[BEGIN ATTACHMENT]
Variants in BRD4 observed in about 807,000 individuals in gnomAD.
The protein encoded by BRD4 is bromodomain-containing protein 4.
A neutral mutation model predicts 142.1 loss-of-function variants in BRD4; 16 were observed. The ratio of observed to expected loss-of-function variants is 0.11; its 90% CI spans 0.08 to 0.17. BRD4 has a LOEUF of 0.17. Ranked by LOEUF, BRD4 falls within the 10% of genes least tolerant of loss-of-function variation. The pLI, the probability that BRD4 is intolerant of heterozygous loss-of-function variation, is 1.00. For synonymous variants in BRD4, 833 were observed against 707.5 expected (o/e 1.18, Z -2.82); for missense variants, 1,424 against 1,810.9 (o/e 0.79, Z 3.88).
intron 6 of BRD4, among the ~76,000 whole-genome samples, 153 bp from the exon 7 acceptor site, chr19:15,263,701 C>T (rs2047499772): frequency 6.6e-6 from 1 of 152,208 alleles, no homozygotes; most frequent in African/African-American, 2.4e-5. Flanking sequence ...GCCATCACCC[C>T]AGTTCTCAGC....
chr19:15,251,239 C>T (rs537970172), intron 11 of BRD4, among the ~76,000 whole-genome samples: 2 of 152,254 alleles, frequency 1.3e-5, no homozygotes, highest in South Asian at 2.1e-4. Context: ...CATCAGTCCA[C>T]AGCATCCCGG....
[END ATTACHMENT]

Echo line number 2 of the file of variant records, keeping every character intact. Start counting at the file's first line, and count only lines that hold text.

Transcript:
The protein encoded by BRD4 is bromodomain-containing protein 4.